Don’t force yourself into 45 or 60-minute meditation sessions. Meditation is very flexible and you can observe results quite easily. Begin with 3-5 minutes of meditation where you only focus on your breathe. Even if you find 3 minutes excessive, you can start with as little as counting three consecutive breaths.

Secondly, sit where you’re most comfortable.

It’s vital that you dedicate a comfortable spot around the house where you can easily relax and lie comfortably for a while. You can always invest in a cushion or a meditation chair if you opt for extra comfortable seating options.

Thirdly, regulate your meditation time for practice.

Select a timing that best suits your daily schedule. Regulating the hour will help you keep a nice momentum. Begin with a small duration and gradually work your way upward.

Fourthly, find your posture.

As we’ve mentioned before, there’s no key position, just a bunch of essentials to follow for successful sessions and effective results. New meditators are always advised to find their own perfect posture were they can focus and sit or lie comfortably for long periods of time.

Fifthly, lose all constraints and focus on your flow of breaths.

Now that you’ve set the perfect atmosphere for your meditation session, it’s time to concentrate all of your efforts on being present and committing to the moment. No matter how many times your mind wanders, always try to shift the focus back to each inhale and exhale you take.

Three Main Types Of Meditation


Focused meditation allows us to nourish our concentration and sustain our attention on subjects or matters we choose. The most common technique is focusing on the flow of breaths, the movement of your rib cages as you breath or even the movement of your nostrils.


Much like mindfulness, witnessing empowers our mental health and deepens our perspective which allows us to find inner peace. It allows us to simply surrender to the power of an observing thought, a certain feeling or a magnificent experience without negative attachments.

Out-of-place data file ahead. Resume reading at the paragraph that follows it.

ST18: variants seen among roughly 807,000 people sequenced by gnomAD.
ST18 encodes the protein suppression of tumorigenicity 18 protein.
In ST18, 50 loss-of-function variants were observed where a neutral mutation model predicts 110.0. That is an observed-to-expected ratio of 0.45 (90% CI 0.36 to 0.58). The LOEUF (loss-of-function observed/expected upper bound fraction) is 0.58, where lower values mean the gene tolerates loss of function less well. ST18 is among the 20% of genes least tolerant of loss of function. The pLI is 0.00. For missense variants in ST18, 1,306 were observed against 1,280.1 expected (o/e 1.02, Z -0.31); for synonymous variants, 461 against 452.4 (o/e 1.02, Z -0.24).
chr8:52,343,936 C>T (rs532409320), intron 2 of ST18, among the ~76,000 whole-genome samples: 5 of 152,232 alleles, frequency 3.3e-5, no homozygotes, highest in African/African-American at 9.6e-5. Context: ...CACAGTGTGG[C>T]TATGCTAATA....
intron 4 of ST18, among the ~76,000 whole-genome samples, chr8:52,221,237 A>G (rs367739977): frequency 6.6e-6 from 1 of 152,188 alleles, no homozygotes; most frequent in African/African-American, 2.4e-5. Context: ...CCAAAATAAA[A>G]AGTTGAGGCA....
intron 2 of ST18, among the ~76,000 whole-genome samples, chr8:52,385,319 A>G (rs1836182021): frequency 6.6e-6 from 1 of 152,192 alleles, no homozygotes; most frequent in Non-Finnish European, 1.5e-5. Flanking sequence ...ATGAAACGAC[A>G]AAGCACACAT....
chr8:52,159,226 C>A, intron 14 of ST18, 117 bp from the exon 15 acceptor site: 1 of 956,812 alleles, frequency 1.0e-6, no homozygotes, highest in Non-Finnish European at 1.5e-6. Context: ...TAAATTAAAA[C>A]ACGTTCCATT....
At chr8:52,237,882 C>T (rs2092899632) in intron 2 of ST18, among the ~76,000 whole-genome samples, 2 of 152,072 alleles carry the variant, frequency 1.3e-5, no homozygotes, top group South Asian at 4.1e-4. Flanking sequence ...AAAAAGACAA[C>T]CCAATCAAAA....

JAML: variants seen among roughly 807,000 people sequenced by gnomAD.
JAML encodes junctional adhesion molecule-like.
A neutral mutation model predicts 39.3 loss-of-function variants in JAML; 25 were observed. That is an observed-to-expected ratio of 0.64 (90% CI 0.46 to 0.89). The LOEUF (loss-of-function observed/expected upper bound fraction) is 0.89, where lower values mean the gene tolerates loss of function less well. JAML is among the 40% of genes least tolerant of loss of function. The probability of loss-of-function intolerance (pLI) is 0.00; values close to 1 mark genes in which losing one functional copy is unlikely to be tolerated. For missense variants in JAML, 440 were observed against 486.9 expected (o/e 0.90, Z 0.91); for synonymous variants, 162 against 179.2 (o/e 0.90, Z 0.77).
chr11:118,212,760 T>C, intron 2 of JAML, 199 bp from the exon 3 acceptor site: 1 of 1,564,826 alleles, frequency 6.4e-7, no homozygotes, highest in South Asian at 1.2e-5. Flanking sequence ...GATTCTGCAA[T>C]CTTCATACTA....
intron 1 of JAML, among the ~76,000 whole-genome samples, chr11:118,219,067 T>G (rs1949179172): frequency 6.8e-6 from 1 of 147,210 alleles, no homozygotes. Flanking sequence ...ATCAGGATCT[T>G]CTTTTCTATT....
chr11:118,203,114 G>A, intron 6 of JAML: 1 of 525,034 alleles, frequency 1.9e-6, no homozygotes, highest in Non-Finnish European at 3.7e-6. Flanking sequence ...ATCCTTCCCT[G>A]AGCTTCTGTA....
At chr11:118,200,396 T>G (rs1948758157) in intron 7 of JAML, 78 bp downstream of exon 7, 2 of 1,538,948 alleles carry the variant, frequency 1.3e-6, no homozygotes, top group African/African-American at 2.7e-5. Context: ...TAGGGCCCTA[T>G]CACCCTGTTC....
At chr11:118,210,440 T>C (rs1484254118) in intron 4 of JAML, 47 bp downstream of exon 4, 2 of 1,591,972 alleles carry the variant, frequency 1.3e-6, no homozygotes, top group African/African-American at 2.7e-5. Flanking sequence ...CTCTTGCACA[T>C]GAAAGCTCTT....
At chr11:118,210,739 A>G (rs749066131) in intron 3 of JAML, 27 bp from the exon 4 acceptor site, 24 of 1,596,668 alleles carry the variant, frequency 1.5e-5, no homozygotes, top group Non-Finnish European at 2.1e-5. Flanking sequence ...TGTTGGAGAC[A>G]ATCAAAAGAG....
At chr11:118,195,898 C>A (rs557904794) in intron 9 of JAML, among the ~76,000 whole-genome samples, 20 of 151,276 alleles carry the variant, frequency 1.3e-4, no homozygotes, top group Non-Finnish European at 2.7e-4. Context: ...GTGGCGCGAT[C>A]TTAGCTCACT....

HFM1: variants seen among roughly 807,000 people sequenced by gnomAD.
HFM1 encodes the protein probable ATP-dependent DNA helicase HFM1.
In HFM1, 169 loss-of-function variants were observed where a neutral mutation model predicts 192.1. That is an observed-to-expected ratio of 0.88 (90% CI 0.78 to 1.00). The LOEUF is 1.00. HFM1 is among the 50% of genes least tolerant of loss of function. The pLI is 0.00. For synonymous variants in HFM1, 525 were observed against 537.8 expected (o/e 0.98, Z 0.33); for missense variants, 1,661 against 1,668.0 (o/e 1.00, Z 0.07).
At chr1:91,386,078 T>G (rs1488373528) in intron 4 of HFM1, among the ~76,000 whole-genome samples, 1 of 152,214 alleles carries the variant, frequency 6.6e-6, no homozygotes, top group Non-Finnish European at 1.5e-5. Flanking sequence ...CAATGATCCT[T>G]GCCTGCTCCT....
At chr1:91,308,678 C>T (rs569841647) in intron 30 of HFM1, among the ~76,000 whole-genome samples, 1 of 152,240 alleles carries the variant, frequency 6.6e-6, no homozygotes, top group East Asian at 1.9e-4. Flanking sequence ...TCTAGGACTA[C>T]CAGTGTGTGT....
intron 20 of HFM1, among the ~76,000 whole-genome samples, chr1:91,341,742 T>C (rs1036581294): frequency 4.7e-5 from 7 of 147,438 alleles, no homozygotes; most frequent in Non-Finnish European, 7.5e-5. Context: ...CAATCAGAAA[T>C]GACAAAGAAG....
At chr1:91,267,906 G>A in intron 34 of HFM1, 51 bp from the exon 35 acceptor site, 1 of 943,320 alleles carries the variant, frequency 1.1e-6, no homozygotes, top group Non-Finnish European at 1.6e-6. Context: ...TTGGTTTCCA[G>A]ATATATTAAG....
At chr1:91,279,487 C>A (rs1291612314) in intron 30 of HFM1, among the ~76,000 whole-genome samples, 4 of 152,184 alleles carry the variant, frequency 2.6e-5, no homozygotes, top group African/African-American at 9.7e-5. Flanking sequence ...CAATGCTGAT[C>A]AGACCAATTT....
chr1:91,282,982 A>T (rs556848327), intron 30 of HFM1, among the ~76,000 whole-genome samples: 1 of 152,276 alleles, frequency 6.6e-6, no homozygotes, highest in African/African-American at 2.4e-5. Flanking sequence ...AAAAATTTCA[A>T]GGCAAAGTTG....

Contemplation/Internal prayer

Contemplative prayer is considered “the simplest expression” of the essence of prayer. It’s a sincere form of communication that requires no or minimal usage of words. Religions have various contemplative practices that include praying, chanting, turning or fasting. Prayers seek God’s presence and attempt to nourish their souls and vision with this celebrated union with Him. this technique enables us to deepen our beliefs and truly connect with life’s source or God.

Recommended Meditations:

Concentration (Zazen):

Zazen is the heart and soul of Zen Buddhism. It emphasizes concentration on the present moment, establishing a state of awareness and an ability to let go of whatever is holding you down. Zazen often include methods to focus such as counting each breath. Concentration to find your real self, and thus, find your inner peace. To start if off, find a good space, use a cushion or pillow if it helps, stick to comfortable posture (options vary) straighten your back and relax your shoulders.


Mindfulness meditation is one of the best options for beginners. According to Medical News Today, practicing mindfulness meditation can show improvement in anxiety, depression, and pain. This meditation practice is very flexible and you don’t have to opt for more than 10-15 minutes as a beginner. Even as little as 3-5 minutes per day can help you have a clearer mind. Mindfulness focuses on you breathing flow and allow you to overcome distractions.

Contemplative prayer:

Contemplation is usually takes prolonged thinking and great devotion to a certain matter. This is why this method is usually involved in religious prayers. Contemplation is an integral element in any Christian form of prayer.

Brainwave Entrainment

A method of meditation that involved using tools such as sounds, lights, or electromagnetic fields. It works by stimulating the brain to follow the given frequency. You might have stumbled upon this mechanism while reading about sleep induction or relaxation and focus meditation.


All in all, meditation helps us become better versions of ourselves by exploring our souls and discovering our true spirits. Contrary to popular beliefs, committing to daily meditation practices is quite feasible and your session, however little time you dedicate to it even if under 20 minutes, will still how great results.

Meditation is more than just sitting silently. It acquires giving in with all of your senses to a particular thought, for instance breathing, focusing on redirecting back your mind if it wanders and empowering your stillness these fundamental principles of meditation will help you take control of negative thoughts and reduce anxiety. As the Author of Awakening Inner Guru and Mindfulness: Living in the Moment Living in the Breath, Amit Ray, put it: “If you want to conquer the anxiety of life, live in the moment, live in the breath.”